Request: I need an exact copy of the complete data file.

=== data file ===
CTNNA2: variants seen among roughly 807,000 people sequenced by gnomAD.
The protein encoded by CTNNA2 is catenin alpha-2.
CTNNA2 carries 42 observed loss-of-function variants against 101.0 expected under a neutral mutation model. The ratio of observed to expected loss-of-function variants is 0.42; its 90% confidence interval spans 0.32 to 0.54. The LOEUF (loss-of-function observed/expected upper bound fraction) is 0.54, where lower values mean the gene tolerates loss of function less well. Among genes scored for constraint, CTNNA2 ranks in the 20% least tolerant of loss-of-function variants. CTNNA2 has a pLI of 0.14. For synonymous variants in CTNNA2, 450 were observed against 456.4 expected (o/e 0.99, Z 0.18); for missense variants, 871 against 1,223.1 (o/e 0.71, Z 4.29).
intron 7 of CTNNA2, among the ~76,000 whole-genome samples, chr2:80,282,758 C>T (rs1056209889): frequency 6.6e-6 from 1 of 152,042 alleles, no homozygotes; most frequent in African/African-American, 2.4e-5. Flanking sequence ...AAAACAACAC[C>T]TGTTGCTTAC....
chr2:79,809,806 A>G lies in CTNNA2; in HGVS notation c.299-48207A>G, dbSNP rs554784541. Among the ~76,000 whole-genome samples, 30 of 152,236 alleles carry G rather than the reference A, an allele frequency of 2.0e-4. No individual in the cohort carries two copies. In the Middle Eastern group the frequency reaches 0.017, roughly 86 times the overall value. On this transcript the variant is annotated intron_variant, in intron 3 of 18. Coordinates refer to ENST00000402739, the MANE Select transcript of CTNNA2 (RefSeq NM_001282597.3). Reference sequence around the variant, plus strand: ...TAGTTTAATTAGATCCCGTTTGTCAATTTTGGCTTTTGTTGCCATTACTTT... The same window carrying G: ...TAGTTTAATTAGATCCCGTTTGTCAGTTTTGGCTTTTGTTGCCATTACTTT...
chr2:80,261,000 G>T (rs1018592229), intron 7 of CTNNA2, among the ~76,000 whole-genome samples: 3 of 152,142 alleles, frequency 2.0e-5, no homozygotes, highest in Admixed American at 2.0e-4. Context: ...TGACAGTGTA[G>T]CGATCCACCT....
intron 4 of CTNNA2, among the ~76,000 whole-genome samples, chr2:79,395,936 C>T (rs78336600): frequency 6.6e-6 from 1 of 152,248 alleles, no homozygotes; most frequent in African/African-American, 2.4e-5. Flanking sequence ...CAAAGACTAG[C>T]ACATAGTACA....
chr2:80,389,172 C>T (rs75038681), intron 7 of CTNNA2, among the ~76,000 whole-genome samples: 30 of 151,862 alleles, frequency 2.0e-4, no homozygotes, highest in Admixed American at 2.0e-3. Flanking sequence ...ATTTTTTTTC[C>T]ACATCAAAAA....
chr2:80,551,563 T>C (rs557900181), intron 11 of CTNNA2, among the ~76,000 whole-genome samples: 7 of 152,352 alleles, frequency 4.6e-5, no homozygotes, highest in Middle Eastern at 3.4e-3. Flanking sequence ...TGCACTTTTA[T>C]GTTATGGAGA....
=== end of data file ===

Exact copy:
CTNNA2: variants seen among roughly 807,000 people sequenced by gnomAD.
The protein encoded by CTNNA2 is catenin alpha-2.
CTNNA2 carries 42 observed loss-of-function variants against 101.0 expected under a neutral mutation model. The ratio of observed to expected loss-of-function variants is 0.42; its 90% confidence interval spans 0.32 to 0.54. The LOEUF (loss-of-function observed/expected upper bound fraction) is 0.54, where lower values mean the gene tolerates loss of function less well. Among genes scored for constraint, CTNNA2 ranks in the 20% least tolerant of loss-of-function variants. CTNNA2 has a pLI of 0.14. For synonymous variants in CTNNA2, 450 were observed against 456.4 expected (o/e 0.99, Z 0.18); for missense variants, 871 against 1,223.1 (o/e 0.71, Z 4.29).
intron 7 of CTNNA2, among the ~76,000 whole-genome samples, chr2:80,282,758 C>T (rs1056209889): frequency 6.6e-6 from 1 of 152,042 alleles, no homozygotes; most frequent in African/African-American, 2.4e-5. Flanking sequence ...AAAACAACAC[C>T]TGTTGCTTAC....
chr2:79,809,806 A>G lies in CTNNA2; in HGVS notation c.299-48207A>G, dbSNP rs554784541. Among the ~76,000 whole-genome samples, 30 of 152,236 alleles carry G rather than the reference A, an allele frequency of 2.0e-4. No individual in the cohort carries two copies. In the Middle Eastern group the frequency reaches 0.017, roughly 86 times the overall value. On this transcript the variant is annotated intron_variant, in intron 3 of 18. Coordinates refer to ENST00000402739, the MANE Select transcript of CTNNA2 (RefSeq NM_001282597.3). Reference sequence around the variant, plus strand: ...TAGTTTAATTAGATCCCGTTTGTCAATTTTGGCTTTTGTTGCCATTACTTT... The same window carrying G: ...TAGTTTAATTAGATCCCGTTTGTCAGTTTTGGCTTTTGTTGCCATTACTTT...
chr2:80,261,000 G>T (rs1018592229), intron 7 of CTNNA2, among the ~76,000 whole-genome samples: 3 of 152,142 alleles, frequency 2.0e-5, no homozygotes, highest in Admixed American at 2.0e-4. Context: ...TGACAGTGTA[G>T]CGATCCACCT....
intron 4 of CTNNA2, among the ~76,000 whole-genome samples, chr2:79,395,936 C>T (rs78336600): frequency 6.6e-6 from 1 of 152,248 alleles, no homozygotes; most frequent in African/African-American, 2.4e-5. Flanking sequence ...CAAAGACTAG[C>T]ACATAGTACA....
chr2:80,389,172 C>T (rs75038681), intron 7 of CTNNA2, among the ~76,000 whole-genome samples: 30 of 151,862 alleles, frequency 2.0e-4, no homozygotes, highest in Admixed American at 2.0e-3. Flanking sequence ...ATTTTTTTTC[C>T]ACATCAAAAA....
chr2:80,551,563 T>C (rs557900181), intron 11 of CTNNA2, among the ~76,000 whole-genome samples: 7 of 152,352 alleles, frequency 4.6e-5, no homozygotes, highest in Middle Eastern at 3.4e-3. Flanking sequence ...TGCACTTTTA[T>C]GTTATGGAGA....